The big difference with a gluten-free sourdough starter is that it needs to be fed more often than a regular starter. If you keep your GF starter at room temperature, you will need to feed it at least once a day, preferably twice. If you keep your starter in the fridge, you should feed it every other day to keep it nice and healthy. You can let it go for a week or even more, but it will probably take a few feedings at room temperature to get it good and active again. To keep your starter vibrant, the key is to watch for the rise and fall of the starter – after you feed it, it will start to bubble, rise to about double its size (if it’s good and healthy), and then fall back down. After the peak is the time to feed it again. If you wait too long after it has come back down (as in days), it will start to languish, but can almost always be revived! Really, it’s ok to be kind of lax with feeding your starter, especially if you’re using it for recipes besides bread, which will likely rely on an addition of baking powder or baking soda for an extra lift anyway. When baking bread, however, you will have the most success and best flavor with a well fed, very active starter.

A clear, brown or black liquid will may show up on the top of your starter, especially if you have left it unfed for a time. This is normal – you can pour it off or mix it in.

How do I use my sourdough starter?

Ideally, use your starter at its peak or shortly after, while it is still bubbly. If you have left your starter in the fridge and haven’t paid any attention to whether the bubbling activity is on its way “up” or “down,” your safest bet is to take it out and feed it once at room temperature once before using it.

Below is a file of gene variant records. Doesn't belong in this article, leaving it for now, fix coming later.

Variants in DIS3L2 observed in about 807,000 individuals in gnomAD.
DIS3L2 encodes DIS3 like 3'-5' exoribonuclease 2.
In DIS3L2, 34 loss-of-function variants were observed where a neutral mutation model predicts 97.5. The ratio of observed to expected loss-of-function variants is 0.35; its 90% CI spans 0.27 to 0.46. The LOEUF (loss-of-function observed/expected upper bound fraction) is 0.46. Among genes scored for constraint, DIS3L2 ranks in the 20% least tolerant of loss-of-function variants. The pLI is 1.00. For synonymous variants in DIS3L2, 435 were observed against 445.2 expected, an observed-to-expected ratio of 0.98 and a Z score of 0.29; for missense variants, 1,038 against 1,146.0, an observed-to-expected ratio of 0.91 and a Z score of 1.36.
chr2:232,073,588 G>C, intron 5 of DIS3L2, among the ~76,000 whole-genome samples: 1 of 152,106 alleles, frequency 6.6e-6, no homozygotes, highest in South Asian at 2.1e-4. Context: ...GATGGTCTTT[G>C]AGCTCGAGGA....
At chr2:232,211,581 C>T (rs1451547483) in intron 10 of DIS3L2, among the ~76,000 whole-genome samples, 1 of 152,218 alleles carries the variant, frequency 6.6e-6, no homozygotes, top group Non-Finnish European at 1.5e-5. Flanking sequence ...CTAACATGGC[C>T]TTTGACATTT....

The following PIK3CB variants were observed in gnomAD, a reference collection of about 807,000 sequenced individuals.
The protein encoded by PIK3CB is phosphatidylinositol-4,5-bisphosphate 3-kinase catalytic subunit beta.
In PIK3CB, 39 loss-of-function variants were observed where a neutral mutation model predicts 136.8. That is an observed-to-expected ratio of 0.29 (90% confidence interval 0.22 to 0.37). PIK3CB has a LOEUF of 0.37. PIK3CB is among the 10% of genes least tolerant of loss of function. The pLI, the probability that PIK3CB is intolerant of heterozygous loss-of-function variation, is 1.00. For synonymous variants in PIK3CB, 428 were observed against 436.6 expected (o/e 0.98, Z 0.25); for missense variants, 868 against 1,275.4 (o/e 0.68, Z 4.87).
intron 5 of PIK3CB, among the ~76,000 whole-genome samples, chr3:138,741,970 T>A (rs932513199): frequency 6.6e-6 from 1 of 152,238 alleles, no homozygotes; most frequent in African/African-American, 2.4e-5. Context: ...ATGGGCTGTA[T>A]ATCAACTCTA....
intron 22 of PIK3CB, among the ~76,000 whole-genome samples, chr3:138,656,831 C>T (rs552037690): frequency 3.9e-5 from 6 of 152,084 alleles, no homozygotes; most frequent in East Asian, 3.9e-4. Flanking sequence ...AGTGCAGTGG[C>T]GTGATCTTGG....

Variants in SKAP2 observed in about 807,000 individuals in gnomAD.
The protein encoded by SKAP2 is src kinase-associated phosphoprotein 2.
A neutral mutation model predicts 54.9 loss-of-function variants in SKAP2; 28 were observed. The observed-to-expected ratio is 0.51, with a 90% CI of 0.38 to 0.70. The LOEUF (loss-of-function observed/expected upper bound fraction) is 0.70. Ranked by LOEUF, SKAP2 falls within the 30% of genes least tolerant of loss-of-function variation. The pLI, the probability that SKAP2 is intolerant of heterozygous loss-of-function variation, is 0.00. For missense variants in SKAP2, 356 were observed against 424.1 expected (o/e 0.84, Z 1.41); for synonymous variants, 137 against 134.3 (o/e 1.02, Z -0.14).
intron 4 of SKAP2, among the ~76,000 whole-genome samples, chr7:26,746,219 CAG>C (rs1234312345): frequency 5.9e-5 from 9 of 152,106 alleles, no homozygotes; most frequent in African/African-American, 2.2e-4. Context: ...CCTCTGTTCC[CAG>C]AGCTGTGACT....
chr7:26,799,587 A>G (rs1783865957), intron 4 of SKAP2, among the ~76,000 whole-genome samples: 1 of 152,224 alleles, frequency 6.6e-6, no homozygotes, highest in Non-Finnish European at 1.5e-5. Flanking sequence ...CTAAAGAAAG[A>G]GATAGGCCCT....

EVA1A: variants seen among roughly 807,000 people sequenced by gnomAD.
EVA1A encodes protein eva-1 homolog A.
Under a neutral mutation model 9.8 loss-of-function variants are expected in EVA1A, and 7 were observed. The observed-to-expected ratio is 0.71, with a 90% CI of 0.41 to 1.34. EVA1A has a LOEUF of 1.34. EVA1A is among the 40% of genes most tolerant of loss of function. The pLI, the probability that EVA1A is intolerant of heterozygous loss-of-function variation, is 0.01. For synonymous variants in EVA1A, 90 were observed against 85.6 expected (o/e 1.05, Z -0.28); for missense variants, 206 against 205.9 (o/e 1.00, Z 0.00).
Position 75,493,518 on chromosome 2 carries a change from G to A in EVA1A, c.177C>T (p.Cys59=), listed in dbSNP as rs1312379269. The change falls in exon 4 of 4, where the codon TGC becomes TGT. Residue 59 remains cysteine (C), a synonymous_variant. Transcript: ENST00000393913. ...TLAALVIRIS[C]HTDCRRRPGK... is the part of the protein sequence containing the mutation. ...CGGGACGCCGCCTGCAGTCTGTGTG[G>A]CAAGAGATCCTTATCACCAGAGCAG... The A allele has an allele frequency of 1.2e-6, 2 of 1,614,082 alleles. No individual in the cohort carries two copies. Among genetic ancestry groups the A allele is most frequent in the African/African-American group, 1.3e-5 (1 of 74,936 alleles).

There are countless ways to use your sourdough starter! I will continue to add recipes, but for now check out these two pancake recipes.  And please, feel free to ask any questions or share tips in the comments section below.


  1. Great information! There is another way to make GF sourdough, using water kefir. I’ve been following recipes in The Art of Gluten Free Sourdough Baking by Sharon Kane. What I really like about it is that I don’t have to always maintain a starter if I don’t want to. It’s really easy to get started and has worked beautifully every time. I’ve made some amazing breads. (She has recipes in the book, too.) I will say that for the quality of the book, the price is high, but the information inside made it worth it for me. 🙂

  2. Hi Melissa, thanks for sharing. How is your GF bread adventures going ? did you mastered a bread yet ?

    • Hi Rani! I’ve had good success with pizza dough, cornbread and muffins, but actually just attempted my first loaf of bread last night! In typical fashion, I tried just winging it to see how it would go – treating it much as I did my previous sourdough loaves. For a first try, not bad. I’ll be sure to share the how-to when I have it all figured out!